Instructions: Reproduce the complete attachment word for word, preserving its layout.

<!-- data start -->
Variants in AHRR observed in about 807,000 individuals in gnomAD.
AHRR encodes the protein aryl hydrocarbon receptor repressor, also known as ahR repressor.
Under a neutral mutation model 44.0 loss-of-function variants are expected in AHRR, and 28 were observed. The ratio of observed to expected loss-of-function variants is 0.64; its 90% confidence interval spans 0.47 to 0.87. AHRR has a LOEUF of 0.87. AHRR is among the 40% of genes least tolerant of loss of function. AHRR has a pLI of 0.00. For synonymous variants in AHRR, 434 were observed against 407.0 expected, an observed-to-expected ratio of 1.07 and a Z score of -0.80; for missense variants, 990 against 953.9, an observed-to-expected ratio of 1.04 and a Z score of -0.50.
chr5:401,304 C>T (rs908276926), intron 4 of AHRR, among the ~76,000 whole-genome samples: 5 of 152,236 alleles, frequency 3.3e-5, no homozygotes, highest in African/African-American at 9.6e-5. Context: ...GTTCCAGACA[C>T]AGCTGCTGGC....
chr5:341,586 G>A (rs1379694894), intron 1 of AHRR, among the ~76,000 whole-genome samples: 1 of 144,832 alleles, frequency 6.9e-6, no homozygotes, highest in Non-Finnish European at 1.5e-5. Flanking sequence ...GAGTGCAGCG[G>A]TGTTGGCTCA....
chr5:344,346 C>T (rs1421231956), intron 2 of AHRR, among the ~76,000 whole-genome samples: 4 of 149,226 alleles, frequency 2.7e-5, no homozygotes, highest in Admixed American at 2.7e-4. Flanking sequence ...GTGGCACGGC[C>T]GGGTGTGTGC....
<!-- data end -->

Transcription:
Variants in AHRR observed in about 807,000 individuals in gnomAD.
AHRR encodes the protein aryl hydrocarbon receptor repressor, also known as ahR repressor.
Under a neutral mutation model 44.0 loss-of-function variants are expected in AHRR, and 28 were observed. The ratio of observed to expected loss-of-function variants is 0.64; its 90% confidence interval spans 0.47 to 0.87. AHRR has a LOEUF of 0.87. AHRR is among the 40% of genes least tolerant of loss of function. AHRR has a pLI of 0.00. For synonymous variants in AHRR, 434 were observed against 407.0 expected, an observed-to-expected ratio of 1.07 and a Z score of -0.80; for missense variants, 990 against 953.9, an observed-to-expected ratio of 1.04 and a Z score of -0.50.
chr5:401,304 C>T (rs908276926), intron 4 of AHRR, among the ~76,000 whole-genome samples: 5 of 152,236 alleles, frequency 3.3e-5, no homozygotes, highest in African/African-American at 9.6e-5. Context: ...GTTCCAGACA[C>T]AGCTGCTGGC....
chr5:341,586 G>A (rs1379694894), intron 1 of AHRR, among the ~76,000 whole-genome samples: 1 of 144,832 alleles, frequency 6.9e-6, no homozygotes, highest in Non-Finnish European at 1.5e-5. Flanking sequence ...GAGTGCAGCG[G>A]TGTTGGCTCA....
chr5:344,346 C>T (rs1421231956), intron 2 of AHRR, among the ~76,000 whole-genome samples: 4 of 149,226 alleles, frequency 2.7e-5, no homozygotes, highest in Admixed American at 2.7e-4. Flanking sequence ...GTGGCACGGC[C>T]GGGTGTGTGC....